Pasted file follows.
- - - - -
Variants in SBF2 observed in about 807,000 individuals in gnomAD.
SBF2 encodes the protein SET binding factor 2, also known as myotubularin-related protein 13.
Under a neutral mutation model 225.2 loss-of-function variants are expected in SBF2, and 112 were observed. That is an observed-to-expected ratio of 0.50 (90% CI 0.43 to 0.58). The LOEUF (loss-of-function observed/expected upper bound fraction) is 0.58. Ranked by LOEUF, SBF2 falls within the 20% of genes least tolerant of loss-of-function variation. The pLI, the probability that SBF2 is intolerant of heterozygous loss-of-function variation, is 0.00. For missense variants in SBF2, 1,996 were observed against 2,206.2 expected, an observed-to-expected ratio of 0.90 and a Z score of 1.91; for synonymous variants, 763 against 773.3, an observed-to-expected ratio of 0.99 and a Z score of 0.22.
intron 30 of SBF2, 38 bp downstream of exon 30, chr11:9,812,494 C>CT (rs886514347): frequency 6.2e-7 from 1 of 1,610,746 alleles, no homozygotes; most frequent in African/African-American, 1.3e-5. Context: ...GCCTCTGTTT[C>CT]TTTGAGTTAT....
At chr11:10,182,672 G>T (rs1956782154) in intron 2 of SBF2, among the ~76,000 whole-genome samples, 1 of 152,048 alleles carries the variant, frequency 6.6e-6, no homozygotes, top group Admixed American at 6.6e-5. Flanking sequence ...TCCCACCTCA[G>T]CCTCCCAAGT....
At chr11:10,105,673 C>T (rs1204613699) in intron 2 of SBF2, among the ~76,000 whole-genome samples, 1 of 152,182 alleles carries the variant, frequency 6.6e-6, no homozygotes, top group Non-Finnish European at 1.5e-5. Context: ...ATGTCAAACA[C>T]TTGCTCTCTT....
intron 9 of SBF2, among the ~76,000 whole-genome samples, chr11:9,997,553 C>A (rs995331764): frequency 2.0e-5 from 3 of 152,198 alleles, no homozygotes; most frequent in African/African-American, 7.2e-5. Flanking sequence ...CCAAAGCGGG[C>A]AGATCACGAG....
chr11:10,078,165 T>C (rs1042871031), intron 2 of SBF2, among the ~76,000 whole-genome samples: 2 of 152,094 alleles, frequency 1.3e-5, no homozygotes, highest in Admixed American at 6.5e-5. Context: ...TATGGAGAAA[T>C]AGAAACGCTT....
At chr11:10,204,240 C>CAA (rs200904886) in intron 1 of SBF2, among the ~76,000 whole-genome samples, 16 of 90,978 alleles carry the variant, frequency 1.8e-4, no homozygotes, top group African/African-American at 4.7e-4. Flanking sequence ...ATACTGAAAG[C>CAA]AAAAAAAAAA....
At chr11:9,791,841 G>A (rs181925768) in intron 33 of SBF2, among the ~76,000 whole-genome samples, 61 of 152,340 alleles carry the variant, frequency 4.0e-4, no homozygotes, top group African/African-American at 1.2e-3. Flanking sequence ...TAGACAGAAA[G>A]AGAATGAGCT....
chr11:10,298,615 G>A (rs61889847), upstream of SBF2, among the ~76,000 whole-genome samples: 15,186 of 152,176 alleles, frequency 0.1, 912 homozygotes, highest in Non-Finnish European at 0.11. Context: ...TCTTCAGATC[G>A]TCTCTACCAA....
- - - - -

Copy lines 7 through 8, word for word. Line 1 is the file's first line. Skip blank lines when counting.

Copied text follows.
intron 9 of SBF2, among the ~76,000 whole-genome samples, chr11:9,997,553 C>A (rs995331764): frequency 2.0e-5 from 3 of 152,198 alleles, no homozygotes; most frequent in African/African-American, 7.2e-5. Flanking sequence ...CCAAAGCGGG[C>A]AGATCACGAG....
chr11:10,078,165 T>C (rs1042871031), intron 2 of SBF2, among the ~76,000 whole-genome samples: 2 of 152,094 alleles, frequency 1.3e-5, no homozygotes, highest in Admixed American at 6.5e-5. Context: ...TATGGAGAAA[T>C]AGAAACGCTT....